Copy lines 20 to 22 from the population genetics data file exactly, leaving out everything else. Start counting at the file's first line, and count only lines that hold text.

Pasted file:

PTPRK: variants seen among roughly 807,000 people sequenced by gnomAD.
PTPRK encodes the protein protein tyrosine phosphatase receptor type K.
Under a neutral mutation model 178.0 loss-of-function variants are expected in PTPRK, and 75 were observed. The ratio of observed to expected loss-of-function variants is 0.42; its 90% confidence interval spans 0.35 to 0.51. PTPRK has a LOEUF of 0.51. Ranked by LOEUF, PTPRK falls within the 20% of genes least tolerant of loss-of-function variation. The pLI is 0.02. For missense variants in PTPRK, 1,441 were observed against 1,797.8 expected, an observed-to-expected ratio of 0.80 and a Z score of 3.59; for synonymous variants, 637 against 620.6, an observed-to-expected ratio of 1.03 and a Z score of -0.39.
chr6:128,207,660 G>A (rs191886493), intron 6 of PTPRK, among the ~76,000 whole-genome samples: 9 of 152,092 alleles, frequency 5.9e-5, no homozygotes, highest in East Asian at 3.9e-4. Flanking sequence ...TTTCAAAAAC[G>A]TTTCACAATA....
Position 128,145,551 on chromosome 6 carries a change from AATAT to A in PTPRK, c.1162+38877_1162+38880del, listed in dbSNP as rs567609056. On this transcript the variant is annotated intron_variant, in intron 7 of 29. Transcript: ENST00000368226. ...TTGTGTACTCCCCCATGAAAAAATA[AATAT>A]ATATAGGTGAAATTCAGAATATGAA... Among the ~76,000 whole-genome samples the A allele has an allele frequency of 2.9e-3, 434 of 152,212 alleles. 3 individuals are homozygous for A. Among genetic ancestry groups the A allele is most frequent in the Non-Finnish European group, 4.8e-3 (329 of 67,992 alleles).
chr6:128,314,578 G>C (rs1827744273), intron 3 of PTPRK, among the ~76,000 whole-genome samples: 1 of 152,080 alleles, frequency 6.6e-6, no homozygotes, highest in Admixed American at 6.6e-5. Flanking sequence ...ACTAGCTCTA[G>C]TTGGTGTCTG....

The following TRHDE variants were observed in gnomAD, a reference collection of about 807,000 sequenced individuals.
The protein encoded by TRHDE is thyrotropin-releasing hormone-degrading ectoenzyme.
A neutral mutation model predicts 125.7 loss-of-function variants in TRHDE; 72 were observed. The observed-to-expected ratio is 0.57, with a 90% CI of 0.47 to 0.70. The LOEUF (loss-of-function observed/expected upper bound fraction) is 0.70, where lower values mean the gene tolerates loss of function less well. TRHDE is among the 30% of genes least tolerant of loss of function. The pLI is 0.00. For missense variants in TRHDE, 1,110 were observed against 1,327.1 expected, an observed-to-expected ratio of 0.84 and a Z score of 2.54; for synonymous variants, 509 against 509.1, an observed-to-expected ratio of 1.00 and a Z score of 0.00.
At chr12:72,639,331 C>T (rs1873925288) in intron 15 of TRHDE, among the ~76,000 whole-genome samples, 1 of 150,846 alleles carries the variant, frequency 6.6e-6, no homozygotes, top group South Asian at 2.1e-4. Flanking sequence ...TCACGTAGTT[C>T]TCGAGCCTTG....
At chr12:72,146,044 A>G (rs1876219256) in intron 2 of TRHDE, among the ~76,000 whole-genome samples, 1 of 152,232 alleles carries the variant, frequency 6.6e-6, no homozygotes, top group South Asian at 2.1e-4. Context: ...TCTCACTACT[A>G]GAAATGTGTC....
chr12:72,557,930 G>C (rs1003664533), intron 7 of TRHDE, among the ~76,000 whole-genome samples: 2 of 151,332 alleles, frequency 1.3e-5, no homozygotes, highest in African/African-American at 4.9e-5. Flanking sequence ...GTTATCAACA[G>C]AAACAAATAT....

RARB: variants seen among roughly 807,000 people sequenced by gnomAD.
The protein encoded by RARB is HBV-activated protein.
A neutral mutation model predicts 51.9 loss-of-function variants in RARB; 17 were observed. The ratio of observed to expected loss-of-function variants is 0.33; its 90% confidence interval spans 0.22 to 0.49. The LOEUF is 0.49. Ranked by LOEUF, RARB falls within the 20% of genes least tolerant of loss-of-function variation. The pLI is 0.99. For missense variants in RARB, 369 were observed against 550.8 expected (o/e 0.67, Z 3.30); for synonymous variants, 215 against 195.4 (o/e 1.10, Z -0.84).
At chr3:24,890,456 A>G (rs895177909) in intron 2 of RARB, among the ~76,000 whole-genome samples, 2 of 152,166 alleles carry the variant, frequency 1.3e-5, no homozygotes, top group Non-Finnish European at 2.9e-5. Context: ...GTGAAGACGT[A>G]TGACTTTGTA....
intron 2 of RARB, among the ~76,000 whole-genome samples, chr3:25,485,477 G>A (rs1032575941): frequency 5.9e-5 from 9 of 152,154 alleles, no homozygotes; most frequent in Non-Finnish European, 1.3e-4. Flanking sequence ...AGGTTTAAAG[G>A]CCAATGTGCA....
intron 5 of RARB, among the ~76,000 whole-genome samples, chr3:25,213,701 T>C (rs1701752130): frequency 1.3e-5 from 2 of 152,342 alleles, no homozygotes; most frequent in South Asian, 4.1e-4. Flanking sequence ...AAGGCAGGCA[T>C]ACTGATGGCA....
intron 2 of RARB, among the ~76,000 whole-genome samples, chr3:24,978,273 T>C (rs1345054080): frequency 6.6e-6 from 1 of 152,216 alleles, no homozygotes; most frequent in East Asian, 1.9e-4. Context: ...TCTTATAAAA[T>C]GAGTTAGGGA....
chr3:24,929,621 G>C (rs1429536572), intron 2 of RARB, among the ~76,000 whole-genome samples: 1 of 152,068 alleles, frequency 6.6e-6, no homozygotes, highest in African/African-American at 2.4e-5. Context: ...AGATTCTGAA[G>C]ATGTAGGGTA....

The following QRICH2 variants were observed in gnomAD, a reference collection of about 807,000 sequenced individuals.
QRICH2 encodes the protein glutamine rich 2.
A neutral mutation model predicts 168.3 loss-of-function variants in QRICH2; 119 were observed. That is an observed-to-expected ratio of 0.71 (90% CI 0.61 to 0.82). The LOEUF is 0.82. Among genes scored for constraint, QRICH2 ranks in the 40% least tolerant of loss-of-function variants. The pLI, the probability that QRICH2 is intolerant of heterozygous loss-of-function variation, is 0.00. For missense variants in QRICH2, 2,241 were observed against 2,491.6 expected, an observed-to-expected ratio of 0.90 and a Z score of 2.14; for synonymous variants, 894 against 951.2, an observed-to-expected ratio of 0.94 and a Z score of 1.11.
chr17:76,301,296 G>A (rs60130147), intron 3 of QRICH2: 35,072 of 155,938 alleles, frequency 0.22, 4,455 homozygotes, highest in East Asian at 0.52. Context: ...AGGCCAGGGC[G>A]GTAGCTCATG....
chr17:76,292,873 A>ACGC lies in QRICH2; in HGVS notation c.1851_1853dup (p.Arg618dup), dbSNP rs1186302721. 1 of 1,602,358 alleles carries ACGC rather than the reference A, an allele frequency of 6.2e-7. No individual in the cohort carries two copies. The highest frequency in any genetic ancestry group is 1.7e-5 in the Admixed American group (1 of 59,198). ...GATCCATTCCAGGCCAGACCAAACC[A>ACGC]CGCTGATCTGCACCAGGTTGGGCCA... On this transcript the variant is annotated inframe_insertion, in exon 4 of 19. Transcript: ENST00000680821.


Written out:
chr3:24,929,621 G>C (rs1429536572), intron 2 of RARB, among the ~76,000 whole-genome samples: 1 of 152,068 alleles, frequency 6.6e-6, no homozygotes, highest in African/African-American at 2.4e-5. Context: ...AGATTCTGAA[G>C]ATGTAGGGTA....

The following QRICH2 variants were observed in gnomAD, a reference collection of about 807,000 sequenced individuals.
QRICH2 encodes the protein glutamine rich 2.